Second Star by Alyssa B. Sheinmel
Published by Farrar Straus and Giroux on May 13th, 2014
Shelve It: Goodreads
A twisty story about love, loss, and lies, this contemporary oceanside adventure is tinged with a touch of dark magic as it follows seventeen-year-old Wendy Darling on a search for her missing surfer brothers.
Wendy’s journey leads her to a mysterious hidden cove inhabited by a tribe of young renegade surfers, most of them runaways like her brothers. Wendy is instantly drawn to the cove’s charismatic leader, Pete, but her search also points her toward his nemesis, the drug-dealing Jas. Enigmatic, dangerous, and handsome, Jas pulls Wendy in even as she’s falling hard for Pete.
A radical reinvention of J. M. Barrie’s classic tale, Second Star is an irresistible summer romance about two young men who have yet to grow up—and the troubled beauty trapped between them.
*I received an eARC from the publisher, through NetGalley, for review purposes.
Second Star held me completely enraptured until the halfway mark, where it ventured in a direction I not only didn’t understand, but didn’t appreciate. While the ending was successful in restoring some of my initial adoration, it also left me with more questions than answers. So while I devoured Second Star in one sitting and I want nothing more than to sing its praises, I have to hold back because of its one, glaring shortcoming.
Wendy Darling reminded me a lot of, well, Wendy Darling. Bright-eyed and optimistic, she was determined to prove that everyone else was wrong about her missing brothers, and that they were merely that – missing. Fearless, especially when others weren’t paying attention, and inquisitive, Wendy knew the best way to figure out the truth behind her brothers’ disappearances was to immerse herself in the life they were living before they went missing. I loved her devotion to her brothers, and how she stuck to her convictions despite the protests of her friends and family, and how she berated herself for getting sidetracked by the charismatic Pete.
While I didn’t fall for Pete in the way I had hoped I would, I still found that a small part of me lived for the moments he and Wendy spent together: the way he seemed to light up whenever Wendy was near, the way he seemed encouraged to be a better person because of Wendy’s presence, and the way he seemed to cherish Wendy and how much more she made their home feel like a home. Despite being a teenaged boy, Pete also managed to have this air of impermanence about him, and he had both the light-heartedness of Pan, as well as the lurking darkness; while it rarely was brought to the surface, you could feel that there was a past which haunted Pete that he didn’t like to think about.
I also really enjoyed how Sheinmel incorporated the Lost Boys and Tinkerbell into Second Star, having Pete claim an abandoned housing project on the cliffs as his home for runaways and refugees. It took me a while to realize who Belle was meant to represent, but as soon as I clued in, her animosity towards Wendy made so much more sense! I also loved how Sheinmel captured Tinkerbell’s flightiness, by making Belle quick to run away to surf whenever she became uncomfortable or angry with a situation. I do wish the Lost Boys had had more of a presence though, as it was only through a couple short scenes that we got to see them interact with, and grow to love Wendy.
Aside from the characters, Second Star was doing a fabulous job of keeping my attention by perfectly capturing the carefree attitude of the California surfer scene. Living each moment for the next perfect wave, feeling at home with sand between your toes and in your sheets, and capturing that thrill of weightlessness that comes from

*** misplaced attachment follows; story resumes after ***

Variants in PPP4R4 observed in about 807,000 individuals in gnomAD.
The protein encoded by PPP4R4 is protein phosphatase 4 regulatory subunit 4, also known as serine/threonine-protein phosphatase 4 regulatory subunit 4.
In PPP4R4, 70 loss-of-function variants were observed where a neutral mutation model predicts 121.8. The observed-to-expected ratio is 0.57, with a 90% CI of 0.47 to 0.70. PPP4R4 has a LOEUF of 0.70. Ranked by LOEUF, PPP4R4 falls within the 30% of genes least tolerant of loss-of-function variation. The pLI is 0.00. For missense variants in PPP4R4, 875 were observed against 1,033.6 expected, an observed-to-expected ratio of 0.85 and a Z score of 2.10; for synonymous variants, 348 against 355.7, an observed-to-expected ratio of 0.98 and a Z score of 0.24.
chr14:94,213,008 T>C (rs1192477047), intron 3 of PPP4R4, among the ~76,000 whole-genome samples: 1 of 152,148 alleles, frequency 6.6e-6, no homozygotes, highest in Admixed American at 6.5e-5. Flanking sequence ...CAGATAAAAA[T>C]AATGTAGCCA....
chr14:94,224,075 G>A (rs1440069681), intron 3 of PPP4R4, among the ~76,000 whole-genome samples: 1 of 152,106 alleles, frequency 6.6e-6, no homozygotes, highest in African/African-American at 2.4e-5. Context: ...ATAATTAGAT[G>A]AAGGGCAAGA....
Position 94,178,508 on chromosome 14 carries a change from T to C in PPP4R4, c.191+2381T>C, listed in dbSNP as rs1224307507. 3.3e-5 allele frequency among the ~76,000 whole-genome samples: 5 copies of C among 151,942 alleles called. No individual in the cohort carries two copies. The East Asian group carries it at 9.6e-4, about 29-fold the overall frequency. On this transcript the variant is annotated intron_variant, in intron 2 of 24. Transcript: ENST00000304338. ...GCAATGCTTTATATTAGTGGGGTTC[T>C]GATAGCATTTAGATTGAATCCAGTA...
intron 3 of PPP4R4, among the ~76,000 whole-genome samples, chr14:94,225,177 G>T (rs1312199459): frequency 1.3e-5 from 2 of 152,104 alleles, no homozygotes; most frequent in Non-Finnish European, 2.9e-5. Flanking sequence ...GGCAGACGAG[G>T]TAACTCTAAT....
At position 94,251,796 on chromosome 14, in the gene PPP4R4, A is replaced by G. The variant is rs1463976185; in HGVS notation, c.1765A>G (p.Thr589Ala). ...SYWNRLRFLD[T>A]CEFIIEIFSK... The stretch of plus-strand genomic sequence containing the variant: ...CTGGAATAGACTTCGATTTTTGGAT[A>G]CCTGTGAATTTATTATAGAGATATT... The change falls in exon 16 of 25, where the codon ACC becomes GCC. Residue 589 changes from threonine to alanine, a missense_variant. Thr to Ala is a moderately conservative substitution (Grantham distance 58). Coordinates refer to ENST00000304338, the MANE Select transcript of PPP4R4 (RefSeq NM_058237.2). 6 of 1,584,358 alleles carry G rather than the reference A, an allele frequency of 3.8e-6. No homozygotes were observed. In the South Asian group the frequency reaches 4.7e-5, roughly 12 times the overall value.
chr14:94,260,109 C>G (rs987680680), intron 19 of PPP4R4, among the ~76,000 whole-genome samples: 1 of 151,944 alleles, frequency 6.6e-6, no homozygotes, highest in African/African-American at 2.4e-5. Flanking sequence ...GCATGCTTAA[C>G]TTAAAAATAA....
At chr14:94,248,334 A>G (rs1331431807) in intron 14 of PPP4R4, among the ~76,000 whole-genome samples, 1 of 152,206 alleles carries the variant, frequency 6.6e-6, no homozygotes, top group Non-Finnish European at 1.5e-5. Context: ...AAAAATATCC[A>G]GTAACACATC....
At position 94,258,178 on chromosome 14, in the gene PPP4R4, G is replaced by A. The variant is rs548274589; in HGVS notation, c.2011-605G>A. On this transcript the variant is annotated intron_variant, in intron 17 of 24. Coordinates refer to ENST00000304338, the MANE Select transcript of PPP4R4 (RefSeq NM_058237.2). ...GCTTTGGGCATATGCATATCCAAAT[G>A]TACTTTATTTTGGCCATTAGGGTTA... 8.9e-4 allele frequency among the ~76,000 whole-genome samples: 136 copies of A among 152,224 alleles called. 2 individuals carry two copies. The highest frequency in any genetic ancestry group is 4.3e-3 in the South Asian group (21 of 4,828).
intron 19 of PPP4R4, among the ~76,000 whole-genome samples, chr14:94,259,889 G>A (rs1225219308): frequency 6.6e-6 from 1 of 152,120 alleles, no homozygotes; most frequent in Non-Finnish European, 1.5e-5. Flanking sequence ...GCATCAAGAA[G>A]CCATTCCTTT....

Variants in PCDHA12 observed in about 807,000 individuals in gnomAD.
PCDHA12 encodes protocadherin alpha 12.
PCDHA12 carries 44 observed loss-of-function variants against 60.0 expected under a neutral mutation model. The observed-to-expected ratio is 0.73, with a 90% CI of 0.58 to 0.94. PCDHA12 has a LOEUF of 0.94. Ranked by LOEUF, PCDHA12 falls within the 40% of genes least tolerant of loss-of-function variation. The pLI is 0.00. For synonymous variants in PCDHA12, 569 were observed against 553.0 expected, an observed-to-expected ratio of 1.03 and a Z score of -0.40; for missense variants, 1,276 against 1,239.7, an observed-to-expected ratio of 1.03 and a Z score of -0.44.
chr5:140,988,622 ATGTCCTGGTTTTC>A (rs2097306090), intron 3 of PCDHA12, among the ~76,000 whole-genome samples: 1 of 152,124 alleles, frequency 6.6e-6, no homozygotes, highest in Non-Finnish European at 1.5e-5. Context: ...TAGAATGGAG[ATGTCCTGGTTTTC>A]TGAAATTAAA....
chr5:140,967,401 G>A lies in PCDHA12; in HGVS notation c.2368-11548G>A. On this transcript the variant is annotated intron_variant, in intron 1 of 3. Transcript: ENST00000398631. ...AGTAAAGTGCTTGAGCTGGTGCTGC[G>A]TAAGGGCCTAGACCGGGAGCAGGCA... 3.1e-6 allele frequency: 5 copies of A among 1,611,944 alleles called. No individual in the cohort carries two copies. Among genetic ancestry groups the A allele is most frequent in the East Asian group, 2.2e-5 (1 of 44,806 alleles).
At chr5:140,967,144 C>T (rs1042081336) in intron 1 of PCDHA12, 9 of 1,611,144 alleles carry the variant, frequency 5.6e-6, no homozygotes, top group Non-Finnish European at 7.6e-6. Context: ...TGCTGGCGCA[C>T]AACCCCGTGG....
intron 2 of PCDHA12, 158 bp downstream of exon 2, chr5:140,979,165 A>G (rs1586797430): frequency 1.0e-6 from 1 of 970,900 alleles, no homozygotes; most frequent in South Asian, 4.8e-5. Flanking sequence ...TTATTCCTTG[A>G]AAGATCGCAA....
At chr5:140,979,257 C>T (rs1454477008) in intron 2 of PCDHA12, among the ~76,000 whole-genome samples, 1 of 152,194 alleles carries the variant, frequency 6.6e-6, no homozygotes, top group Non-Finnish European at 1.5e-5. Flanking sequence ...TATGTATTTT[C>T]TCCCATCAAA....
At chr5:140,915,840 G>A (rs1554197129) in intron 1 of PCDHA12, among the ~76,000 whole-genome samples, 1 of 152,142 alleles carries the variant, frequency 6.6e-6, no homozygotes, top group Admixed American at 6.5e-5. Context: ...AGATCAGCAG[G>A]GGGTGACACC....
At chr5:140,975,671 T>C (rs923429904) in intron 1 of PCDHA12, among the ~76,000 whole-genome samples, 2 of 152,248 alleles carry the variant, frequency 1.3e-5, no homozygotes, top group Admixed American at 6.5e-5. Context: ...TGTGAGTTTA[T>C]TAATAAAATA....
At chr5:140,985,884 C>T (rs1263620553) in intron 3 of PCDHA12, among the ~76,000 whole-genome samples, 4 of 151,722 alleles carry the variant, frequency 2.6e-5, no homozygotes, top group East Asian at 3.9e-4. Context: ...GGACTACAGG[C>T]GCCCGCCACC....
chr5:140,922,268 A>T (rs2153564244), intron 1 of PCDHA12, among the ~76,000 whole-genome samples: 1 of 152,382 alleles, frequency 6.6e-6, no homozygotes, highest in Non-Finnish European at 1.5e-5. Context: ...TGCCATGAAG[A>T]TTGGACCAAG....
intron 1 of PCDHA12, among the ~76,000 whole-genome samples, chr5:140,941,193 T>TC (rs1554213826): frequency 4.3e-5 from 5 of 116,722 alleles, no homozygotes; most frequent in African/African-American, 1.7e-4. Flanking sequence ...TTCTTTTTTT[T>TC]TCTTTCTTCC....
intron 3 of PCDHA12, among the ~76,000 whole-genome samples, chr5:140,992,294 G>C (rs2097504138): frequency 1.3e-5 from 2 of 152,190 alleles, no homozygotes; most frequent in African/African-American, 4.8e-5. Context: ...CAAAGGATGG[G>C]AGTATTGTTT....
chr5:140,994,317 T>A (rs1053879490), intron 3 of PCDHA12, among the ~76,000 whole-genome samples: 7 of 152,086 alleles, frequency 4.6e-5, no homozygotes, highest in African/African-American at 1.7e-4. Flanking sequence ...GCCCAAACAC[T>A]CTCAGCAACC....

flying surfing, Second Star managed replaced the magic and wonder of Neverland with the love and respect surfers have for the ocean, in a way where it felt like the ocean was magical. Pete and Wendy had carved out their own version of Neverland in Kensington, and it felt like they were somehow removed from this world; like they were privy to this special place, reserved just for them.
But while Second Star succeeded with so much, it was the direction it took just past the halfway mark where it lost me. View Spoiler » Up until the halfway mark, there was nothing to suggest that what Wendy had been experiencing wasn’t real; there was nothing to suggest that she had been hallucinating her experiences; there was absolutely nothing to suggest Wendy was an unreliable narrator. Don’t get me wrong – I love a good unreliable narrator. What I don’t like is the complete 180 the direction of the story took, with absolutely no warning that we were heading in that direction. There were no experiences that Wendy had that didn’t make sense; there was no timeline that didn’t add up properly; there were no events which transpired which were so fantastical as to be unbelievable. And all the people who claimed that Wendy was hallucinating things? They had absolutely no explanation for where she had been for the last two or three weeks, other than that she must have been high on drugs somewhere. « Hide Spoiler It just didn’t make any sense. And I’m not going to bother talking about Wendy’s romance with Jas. It came out of left field and it was his declaration of love, after the unfortunate plot twist, that made me want to DNF Second Star, despite being more than three-quarters of the way done.
With an open-ending that can be left up to interpretation, and I’m choosing to believe what makes me like the book better, Second Star had so much potential that was left unfulfilled because of a random twist that felt completely unnecessary. Fortunately I enjoyed the characters and the atmosphere enough to still say that, overall, I enjoyed Second Star, despite being unhappy with its dodgy middle bits.